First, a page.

check the number of hearths. If a chimney had been stopped up the householder had to pay double. Houses with only one hearth would have been occupied by farm labourers. The hearth would have been in the downstairs room and used for cooking and heating. Houses with three or more hearths would have had two downstairs and one or more upstairs. They would have been occupied by the more prosperous yeomen farmers and craftsmen. In Helpston, Bainton and Ufford over half of the houses had only one hearth. Ufford had one house (Downhall Manor no longer in existence) which had 12 hearths , and another, Ufford Rectory, had 9 hearths. The Earl of Exeter had to pay for 70 hearths in Burghley House. The Hearth Tax was abolished in1689. Meanwhile the Chancellor of the Exchequer would welcome your suggestions for some exciting new taxes in 2018-19!

vil agetribune



St Michael’s Mount, Cornwall

A Saint for every Sinner:

Dedications, devices and demises by Dr Avril Lumley Prior

A Cradle of Christianity On a recent trip to Cornwall, we were intrigued to find the county awash with places named after Celtic (ancient British) saints. They were associated with early-Christian missionaries and miracle-workers from Wales and Ireland who came to convert the indigenous population or to live as recluses emulating Christ’s period of fasting in the wilderness. Some died for their beliefs or through self-imposed deprivation; others may have never existed at all. Inevitably, a cult sprang up at the site of their perceived martyrdom or hermitage, where their relics (earthly remains) could be visited by the curious and those seeking a cure or to witness a miracle. Often, a settlement developed around the shrine taking its name from the incumbent, just as Peakirk is derived from St Pega. In Cornwall, you will find Perranporth, after Piran (died c.480AD), the patron of tin-miners, St Mawes (c.450), the protector of fishermen and guardian against headaches and worms, Gwinear, who was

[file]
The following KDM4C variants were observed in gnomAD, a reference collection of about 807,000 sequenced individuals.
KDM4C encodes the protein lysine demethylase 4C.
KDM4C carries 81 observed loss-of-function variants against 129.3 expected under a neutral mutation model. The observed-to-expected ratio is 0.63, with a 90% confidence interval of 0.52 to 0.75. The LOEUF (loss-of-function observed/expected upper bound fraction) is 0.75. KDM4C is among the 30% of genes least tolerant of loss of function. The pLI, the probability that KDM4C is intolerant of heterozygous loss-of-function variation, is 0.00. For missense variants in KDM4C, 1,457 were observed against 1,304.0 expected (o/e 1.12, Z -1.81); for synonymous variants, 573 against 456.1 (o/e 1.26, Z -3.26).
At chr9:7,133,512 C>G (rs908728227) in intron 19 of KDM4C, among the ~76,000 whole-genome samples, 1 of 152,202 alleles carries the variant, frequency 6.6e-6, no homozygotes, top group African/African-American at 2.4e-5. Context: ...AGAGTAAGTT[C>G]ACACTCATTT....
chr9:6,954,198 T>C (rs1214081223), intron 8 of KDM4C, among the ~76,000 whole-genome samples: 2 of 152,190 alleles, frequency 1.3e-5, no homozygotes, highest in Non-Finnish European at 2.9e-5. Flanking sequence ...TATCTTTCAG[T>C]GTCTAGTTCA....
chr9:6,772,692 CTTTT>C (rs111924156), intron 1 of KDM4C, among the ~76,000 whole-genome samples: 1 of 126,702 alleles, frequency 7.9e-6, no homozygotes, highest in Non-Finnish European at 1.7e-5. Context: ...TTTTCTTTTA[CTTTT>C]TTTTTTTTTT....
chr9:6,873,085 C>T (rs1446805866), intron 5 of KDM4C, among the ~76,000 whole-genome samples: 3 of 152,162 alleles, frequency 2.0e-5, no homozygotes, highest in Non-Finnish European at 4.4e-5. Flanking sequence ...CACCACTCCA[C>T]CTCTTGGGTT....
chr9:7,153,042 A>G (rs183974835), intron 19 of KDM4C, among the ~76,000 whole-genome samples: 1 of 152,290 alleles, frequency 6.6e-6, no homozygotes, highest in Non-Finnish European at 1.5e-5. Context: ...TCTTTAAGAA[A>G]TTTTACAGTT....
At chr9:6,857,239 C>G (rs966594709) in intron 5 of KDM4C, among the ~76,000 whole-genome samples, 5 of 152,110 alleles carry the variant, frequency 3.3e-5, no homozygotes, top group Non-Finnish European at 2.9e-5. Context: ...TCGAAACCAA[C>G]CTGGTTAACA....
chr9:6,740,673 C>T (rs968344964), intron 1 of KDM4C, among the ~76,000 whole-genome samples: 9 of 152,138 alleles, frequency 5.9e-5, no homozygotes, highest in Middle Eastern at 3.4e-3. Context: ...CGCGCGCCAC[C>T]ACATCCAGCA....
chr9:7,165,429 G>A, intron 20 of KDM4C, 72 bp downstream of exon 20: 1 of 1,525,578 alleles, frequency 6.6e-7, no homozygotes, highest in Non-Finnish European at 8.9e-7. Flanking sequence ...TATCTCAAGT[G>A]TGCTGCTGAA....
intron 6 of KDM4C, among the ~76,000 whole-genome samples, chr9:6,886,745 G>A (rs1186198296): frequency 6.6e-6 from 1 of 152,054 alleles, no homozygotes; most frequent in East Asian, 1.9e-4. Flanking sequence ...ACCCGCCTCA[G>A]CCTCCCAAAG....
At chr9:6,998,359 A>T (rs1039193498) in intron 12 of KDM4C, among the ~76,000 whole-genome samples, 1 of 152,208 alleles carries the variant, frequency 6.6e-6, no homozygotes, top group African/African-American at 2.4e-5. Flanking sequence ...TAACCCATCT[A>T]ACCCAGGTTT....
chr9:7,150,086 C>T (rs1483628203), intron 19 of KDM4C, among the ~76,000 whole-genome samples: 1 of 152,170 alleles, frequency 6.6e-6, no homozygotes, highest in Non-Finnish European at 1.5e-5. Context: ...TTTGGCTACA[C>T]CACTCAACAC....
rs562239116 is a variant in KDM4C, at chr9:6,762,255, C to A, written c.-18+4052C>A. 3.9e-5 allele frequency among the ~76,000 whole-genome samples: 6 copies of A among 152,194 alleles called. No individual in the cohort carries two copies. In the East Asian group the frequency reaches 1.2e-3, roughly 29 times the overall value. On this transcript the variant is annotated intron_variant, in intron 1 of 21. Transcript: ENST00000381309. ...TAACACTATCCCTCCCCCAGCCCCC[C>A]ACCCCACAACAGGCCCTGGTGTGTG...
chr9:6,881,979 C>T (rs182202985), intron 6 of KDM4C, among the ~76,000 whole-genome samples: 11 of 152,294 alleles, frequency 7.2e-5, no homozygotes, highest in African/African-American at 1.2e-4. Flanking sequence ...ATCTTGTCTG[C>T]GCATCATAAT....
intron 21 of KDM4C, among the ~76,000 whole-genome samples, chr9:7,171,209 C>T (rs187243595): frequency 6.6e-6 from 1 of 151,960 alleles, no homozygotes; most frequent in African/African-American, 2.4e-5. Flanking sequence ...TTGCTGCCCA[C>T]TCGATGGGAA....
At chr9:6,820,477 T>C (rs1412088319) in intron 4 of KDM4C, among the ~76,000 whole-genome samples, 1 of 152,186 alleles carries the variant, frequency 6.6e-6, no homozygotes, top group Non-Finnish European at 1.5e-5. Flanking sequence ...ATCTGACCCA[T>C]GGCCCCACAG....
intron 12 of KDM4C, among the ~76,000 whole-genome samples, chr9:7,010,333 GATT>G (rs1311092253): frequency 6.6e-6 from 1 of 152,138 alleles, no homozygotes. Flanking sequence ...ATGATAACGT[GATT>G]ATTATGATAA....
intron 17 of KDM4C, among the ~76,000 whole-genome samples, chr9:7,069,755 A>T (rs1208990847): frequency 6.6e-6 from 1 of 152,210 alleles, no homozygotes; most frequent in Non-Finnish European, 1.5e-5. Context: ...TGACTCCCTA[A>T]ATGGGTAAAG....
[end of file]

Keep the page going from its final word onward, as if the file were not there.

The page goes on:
murdered by the heathen King Tuedar, Mevagissey [St Meva and St Issey], St Mewan and his soulmate, St Austell (c.550). Some of these saints’ exploits were so bizarre that they beggar belief. For example, there was the foolhardy St Ia, who sailed from Ireland on a leaf to become the foundress of St Ives (not to be confused with St Ivo who was re-interred at its Huntingdonshire namesake). We also have a St Neots in both counties, claiming the bones of an ascetic ex-monk of Glastonbury. Seemingly, Neot was so unhappy with his Cornish resting-place that he posthumously petitioned to be relocated to The Fens (or so the monks of the second St Neot’s claimed). We cannot tell whether his relics were bought or stolen by the Huntingdonshire brethren or if they were two people with the same name, who were enshrined at two different places. Many of Cornwall’s sacred sites are in the tranquil, ‘hermitfriendly’ settings, like St Just-inRoseland alongside a picturesque creek, or St Nectan’s chapel, in splendid isolation outside